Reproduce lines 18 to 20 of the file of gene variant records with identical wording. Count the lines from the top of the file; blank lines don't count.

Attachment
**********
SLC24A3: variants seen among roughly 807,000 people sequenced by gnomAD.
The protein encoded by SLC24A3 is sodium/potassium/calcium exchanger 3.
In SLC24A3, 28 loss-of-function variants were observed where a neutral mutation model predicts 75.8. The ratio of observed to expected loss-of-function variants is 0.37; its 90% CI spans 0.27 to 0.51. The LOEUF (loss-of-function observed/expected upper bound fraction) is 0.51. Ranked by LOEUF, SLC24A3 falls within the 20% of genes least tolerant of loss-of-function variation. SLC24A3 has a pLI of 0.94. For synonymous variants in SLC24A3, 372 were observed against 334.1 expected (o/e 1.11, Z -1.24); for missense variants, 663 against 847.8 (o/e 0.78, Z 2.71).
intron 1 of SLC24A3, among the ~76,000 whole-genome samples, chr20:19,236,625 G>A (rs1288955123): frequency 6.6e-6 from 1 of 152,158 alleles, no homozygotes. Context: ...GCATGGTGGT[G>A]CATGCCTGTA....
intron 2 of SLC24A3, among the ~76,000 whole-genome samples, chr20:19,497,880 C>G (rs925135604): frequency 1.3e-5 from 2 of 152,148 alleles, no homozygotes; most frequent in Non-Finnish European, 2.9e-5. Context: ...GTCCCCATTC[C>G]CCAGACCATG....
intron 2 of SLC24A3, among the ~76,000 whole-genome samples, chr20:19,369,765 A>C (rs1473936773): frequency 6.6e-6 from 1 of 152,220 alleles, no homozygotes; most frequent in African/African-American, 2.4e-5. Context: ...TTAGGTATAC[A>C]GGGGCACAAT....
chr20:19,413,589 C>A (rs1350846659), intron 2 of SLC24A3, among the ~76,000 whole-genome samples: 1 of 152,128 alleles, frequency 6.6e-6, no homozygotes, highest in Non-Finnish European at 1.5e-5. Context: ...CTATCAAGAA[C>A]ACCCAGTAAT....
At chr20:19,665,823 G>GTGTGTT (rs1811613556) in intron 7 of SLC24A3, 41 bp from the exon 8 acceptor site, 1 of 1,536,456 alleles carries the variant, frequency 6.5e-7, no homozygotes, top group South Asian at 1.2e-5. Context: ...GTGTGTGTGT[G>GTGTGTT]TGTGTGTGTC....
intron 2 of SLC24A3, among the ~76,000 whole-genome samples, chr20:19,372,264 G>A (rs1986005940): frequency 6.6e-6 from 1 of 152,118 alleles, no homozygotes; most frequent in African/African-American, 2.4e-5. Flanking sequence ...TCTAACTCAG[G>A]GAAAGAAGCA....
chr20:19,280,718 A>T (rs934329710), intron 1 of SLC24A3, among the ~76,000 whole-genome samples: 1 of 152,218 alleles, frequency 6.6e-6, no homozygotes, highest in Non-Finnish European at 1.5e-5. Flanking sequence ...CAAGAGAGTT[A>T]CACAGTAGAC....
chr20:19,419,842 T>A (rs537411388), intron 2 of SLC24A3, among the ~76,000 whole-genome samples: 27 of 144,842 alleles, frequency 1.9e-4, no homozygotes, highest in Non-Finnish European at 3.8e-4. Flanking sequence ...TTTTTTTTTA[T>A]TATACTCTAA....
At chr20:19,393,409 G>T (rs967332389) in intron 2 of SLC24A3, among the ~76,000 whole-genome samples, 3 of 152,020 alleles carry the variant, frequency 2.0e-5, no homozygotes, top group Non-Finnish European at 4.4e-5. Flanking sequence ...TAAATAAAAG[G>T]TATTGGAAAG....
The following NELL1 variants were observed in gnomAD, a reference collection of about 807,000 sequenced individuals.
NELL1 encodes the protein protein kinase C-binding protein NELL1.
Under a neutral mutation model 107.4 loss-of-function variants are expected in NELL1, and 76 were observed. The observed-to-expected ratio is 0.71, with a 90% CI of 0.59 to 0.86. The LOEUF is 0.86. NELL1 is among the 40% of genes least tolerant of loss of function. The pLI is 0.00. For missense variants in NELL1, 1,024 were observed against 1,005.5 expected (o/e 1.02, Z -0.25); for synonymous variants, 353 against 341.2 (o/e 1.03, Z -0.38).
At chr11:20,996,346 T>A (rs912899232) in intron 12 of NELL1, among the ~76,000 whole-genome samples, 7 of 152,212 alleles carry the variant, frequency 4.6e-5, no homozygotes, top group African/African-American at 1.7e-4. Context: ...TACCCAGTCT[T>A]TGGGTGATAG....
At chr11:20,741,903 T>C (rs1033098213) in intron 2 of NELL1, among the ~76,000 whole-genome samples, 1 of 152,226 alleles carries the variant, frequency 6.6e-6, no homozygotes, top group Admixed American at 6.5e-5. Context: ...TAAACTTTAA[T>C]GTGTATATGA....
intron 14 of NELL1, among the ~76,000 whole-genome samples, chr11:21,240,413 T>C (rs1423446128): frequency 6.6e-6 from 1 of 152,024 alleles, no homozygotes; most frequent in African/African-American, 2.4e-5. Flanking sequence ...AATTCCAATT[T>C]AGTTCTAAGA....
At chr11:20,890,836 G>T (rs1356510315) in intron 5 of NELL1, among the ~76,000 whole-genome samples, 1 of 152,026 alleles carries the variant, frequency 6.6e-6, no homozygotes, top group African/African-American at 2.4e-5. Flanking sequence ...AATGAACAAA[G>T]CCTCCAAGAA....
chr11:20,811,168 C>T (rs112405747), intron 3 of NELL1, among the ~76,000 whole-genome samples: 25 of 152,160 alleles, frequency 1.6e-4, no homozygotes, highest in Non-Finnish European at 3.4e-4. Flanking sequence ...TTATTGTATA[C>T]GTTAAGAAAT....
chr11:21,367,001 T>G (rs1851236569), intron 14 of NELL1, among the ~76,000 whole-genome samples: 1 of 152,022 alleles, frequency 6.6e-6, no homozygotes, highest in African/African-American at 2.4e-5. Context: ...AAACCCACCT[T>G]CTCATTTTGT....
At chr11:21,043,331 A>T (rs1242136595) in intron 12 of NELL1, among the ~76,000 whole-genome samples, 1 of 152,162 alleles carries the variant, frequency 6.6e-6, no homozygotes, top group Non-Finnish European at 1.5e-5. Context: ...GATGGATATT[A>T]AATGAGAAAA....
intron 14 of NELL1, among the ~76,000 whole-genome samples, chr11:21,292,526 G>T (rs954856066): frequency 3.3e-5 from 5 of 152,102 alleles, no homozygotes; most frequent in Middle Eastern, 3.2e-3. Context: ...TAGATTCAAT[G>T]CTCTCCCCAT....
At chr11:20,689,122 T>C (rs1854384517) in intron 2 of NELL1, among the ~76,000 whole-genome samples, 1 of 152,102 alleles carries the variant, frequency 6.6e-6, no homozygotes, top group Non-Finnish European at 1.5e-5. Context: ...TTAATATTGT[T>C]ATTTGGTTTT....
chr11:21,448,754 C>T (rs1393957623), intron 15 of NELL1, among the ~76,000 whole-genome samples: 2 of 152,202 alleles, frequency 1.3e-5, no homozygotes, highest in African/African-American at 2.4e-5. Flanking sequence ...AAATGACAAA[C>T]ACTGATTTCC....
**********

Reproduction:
intron 14 of NELL1, among the ~76,000 whole-genome samples, chr11:21,240,413 T>C (rs1423446128): frequency 6.6e-6 from 1 of 152,024 alleles, no homozygotes; most frequent in African/African-American, 2.4e-5. Flanking sequence ...AATTCCAATT[T>C]AGTTCTAAGA....
At chr11:20,890,836 G>T (rs1356510315) in intron 5 of NELL1, among the ~76,000 whole-genome samples, 1 of 152,026 alleles carries the variant, frequency 6.6e-6, no homozygotes, top group African/African-American at 2.4e-5. Flanking sequence ...AATGAACAAA[G>T]CCTCCAAGAA....
chr11:20,811,168 C>T (rs112405747), intron 3 of NELL1, among the ~76,000 whole-genome samples: 25 of 152,160 alleles, frequency 1.6e-4, no homozygotes, highest in Non-Finnish European at 3.4e-4. Flanking sequence ...TTATTGTATA[C>T]GTTAAGAAAT....